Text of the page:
Comfort Food For Fantasy Failure

All right readers, I have a confession to make. I am the owner of a fantasy football team. In fact, I’m the commissioner of the league. I know, I know, it’s like you don’t even know me. I’ve been living this double life without any disclosure to you. A second life away from sharp knives, sauté pans, and baking sheets; a life away from pictures taken in bad lighting (AKA: my kitchen) and weekly blog posts. This secondary life is full of

player analysis, waiver wires, and draft boards and endless amounts of trash talk. But I don’t want you to worry; my weekly examination of match-ups and shuffling of line-ups in order to have my best eleven out there will not interfere with my time in the kitchen and time spent here blogging; in fact, this week, I gave equal time to both.

My girlfriend will never understand… hell, girlfriends and wives everywhere will never understand. It’s hard to comprehend, why when fall rolls around, the boys and I geek out and feel the need to watch a seemingly meaningless Sunday night game between New York and Baltimore. But the odds were stacked against me, only being up 20 points going into the final game of the day. Alas, chalk up another “L” in the loss column…

No one will ever appreciate the devotion to our team, (other than other fantasy owners) and why we wake up before game time on Sunday morning, simply to check all the latest reports to see if our questionable running back has upgraded to probable. No one will ever empathize with us after a tough loss in which we suffered an injury to a key player. No, not even the other team managers will have compassion for our loss; rather they will trash talk till the cows come home. You will undoubtedly question your team scramble every week for replacements for your under-performing players.

But we don’t need them to understand. One thing that anyone can understand is that pretzels and hot dogs and mustard are a match made in heaven. And they make the perfect snack for a bunch of dudes (me and my girlfriend who happily helped with the picture taking and pastry assisting – because as you know, I don’t do pastry well) while watching football.

Yes, pretzel hot dog bites! Comfort food for a week four loss…

Don’t act like you don’t love a good hot dog, especially when it’s incorporated into a soft, doughy vessel of goodness. This little suckers are awesome. They don’t have the malty-ness of a pretzel, but otherwise, the dough is quite good. The recipe makes a lot, but if you can refrain from eating them all, store them in the freezer and pull one or four out every time you need a little football or late-night snack.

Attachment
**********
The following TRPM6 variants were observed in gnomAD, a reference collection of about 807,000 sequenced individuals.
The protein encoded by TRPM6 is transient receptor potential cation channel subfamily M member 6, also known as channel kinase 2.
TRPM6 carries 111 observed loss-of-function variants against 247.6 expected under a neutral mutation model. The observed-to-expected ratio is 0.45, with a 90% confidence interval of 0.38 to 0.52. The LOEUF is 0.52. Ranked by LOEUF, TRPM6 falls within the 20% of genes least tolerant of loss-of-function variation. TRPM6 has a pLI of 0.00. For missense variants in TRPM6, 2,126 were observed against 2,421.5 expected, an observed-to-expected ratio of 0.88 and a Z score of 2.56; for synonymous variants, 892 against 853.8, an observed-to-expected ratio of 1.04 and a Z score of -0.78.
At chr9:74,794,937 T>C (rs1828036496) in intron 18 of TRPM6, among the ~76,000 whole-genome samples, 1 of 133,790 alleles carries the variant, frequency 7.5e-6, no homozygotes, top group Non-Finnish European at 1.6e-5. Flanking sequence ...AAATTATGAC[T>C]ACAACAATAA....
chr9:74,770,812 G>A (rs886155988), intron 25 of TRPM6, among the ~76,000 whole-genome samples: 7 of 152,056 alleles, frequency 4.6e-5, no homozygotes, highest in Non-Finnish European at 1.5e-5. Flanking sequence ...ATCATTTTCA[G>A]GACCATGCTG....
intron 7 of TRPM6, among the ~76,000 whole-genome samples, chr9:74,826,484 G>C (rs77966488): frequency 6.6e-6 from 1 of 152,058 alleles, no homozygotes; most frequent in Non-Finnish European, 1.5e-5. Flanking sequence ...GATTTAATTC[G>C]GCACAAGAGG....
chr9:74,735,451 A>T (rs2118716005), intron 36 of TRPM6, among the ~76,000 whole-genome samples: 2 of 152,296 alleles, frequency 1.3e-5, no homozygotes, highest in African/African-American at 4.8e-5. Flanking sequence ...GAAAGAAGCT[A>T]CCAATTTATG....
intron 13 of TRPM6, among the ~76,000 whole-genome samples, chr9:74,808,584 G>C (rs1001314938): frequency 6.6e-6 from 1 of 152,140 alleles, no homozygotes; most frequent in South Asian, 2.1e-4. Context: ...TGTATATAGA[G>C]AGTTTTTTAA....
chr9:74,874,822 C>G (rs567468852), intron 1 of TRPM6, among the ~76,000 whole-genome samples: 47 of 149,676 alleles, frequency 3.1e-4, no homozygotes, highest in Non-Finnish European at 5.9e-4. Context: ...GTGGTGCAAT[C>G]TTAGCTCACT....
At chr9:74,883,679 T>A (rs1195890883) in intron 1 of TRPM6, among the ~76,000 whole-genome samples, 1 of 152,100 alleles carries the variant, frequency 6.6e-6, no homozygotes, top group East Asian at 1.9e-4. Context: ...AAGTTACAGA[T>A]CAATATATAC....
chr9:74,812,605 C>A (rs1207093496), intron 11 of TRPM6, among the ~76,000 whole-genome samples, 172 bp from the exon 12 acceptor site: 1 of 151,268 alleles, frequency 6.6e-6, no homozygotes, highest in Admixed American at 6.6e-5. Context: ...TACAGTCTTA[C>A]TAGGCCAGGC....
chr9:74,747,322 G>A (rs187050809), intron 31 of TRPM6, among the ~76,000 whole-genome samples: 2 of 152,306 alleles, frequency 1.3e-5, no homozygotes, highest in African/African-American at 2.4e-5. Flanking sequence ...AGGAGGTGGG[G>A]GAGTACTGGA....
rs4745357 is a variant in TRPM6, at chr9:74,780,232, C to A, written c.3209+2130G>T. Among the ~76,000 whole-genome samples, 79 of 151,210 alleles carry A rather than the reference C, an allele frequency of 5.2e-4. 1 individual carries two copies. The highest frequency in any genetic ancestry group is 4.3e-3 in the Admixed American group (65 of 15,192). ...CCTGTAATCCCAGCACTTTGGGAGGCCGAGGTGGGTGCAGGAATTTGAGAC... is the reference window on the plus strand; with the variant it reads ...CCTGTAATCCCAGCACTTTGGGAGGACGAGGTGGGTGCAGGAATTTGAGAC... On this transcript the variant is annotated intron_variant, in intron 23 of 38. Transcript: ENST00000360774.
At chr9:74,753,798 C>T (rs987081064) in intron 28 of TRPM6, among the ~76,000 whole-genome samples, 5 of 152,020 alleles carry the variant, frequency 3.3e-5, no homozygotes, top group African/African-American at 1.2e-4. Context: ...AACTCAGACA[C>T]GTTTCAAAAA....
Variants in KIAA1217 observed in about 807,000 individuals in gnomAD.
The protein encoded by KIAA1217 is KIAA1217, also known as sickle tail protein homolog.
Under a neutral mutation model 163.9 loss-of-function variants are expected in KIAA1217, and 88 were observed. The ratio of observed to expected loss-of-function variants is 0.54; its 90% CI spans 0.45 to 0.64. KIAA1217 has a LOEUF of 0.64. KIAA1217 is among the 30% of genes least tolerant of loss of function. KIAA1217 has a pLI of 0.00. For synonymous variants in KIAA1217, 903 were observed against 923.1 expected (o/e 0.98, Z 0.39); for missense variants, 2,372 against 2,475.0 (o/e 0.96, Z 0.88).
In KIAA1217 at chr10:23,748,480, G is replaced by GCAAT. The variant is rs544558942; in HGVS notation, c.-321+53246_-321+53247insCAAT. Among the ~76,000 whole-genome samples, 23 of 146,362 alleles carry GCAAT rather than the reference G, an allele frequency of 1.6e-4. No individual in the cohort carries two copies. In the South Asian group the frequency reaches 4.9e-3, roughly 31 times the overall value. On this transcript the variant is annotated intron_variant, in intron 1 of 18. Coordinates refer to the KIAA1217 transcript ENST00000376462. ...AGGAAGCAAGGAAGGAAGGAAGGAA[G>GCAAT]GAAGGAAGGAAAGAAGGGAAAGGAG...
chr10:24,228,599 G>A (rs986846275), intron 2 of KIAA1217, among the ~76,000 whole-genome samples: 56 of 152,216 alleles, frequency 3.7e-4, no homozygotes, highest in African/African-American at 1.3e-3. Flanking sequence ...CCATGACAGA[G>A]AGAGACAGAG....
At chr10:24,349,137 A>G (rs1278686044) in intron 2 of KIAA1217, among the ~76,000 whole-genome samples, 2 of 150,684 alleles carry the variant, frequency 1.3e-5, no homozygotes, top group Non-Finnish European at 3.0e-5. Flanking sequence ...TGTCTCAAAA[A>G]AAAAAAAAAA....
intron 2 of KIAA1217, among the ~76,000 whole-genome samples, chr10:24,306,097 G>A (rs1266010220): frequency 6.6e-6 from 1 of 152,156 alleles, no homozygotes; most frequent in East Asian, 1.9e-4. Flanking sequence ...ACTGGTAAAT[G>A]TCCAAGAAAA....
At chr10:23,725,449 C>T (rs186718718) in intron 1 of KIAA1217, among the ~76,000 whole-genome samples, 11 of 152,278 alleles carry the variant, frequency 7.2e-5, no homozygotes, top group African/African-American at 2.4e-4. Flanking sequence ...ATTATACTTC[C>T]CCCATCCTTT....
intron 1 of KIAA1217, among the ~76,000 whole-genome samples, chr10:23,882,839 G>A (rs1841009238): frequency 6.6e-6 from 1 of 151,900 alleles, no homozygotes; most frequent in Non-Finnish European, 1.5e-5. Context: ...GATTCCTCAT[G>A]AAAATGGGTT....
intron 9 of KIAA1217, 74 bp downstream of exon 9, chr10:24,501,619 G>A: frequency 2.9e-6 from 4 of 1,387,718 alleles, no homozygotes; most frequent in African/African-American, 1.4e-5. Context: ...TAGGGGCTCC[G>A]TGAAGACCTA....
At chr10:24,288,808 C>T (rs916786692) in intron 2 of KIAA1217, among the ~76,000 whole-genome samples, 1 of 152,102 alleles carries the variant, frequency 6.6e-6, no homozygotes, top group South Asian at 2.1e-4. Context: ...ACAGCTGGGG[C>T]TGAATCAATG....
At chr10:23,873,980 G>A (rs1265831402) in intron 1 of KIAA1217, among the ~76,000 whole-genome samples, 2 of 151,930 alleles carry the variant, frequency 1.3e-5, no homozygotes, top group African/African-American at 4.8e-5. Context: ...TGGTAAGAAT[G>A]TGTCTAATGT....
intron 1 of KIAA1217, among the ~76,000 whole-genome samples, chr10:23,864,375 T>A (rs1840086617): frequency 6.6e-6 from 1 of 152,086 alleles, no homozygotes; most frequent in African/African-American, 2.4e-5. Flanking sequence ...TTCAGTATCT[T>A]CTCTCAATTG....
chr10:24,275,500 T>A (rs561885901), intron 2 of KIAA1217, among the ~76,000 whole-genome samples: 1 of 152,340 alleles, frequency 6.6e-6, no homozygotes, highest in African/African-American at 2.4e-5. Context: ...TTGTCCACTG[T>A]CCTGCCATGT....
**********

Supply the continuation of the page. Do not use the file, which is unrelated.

Pretzel Hot Dog Bites (Adapted from SF Gate)

*I should note that despite following the recipe, I would make some alterations; the dough to dog ratio was off – there either needed to be less dough or more dog*



1 1/2 cups warm water

1 package active dry yeast

1 tablespoon honey

1 teaspoon salt

2 eggs

2 ounces unsalted butter, melted

5 cups all-purpose flour + more for dusting

To finish:

Vegetable oil spray

4 hot dogs

cheddar cheese cut into bites equal in size to hot dogs

8 cups water

1/4 cup baking soda

Coarse or pretzel salt


For the dough: Combine water and yeast in the bowl of an electric mixer fitted with a dough hook and whisk until yeast is dissolved and starts to bubble, about 5 minutes. Add sugar, salt, 1 egg, butter and 1 cup of flour, and whisk together. Turn machine on low and add remaining flour in batches, waiting until each batch is combined. Stop every now and then to scrape down the sides of the bowl and clean off the hook.

Once you’ve incorporated all of the flour and the dough pulls away from the sides of the bowl, transfer the dough ball to an oiled bowl, flip to oil the dough on all sides, cover with a kitchen towel, and let rise for 45 minutes in a warm place – your kitchen counter should be fine – until it doubles in size.

To assemble: Line a baking sheet with parchment paper, spray with non-stick spray and dust with flour – this is important, or else the dough will stick; set aside. Cut hot dogs in half lengthwise, and then cut each half in 4 pieces, so that you have 8 pieces per hot dog; set aside.

Divide the dough in half, and on a floured surface, roll out each half into a 1/2-inch thick square, then slice into 2-inch strips. Take one strip and evenly space hot dog pieces about 1/2 inch apart on top, with cheese underneath, then top with another dough strip. Using a pastry cutter or knife, slice through the top and bottom layer of dough around each hot dog piece, to make a little packet. Pinch the sides of each together if necessary to make sure there are no holes.

Bring water and baking soda to a boil in a medium saucepan. Add a few pretzel bites and boil for about 30 seconds; remove with a slotted spoon and transfer to the baking sheet. (The baking soda in the water helps keep the dough lighter.) Repeat with the remaining bites.

Preheat the oven to 450 degrees. Beat the remaining egg with a few splashes of water, and brush over the tops of the bites; sprinkle with salt. Bake 10-15 minutes, or until golden brown.


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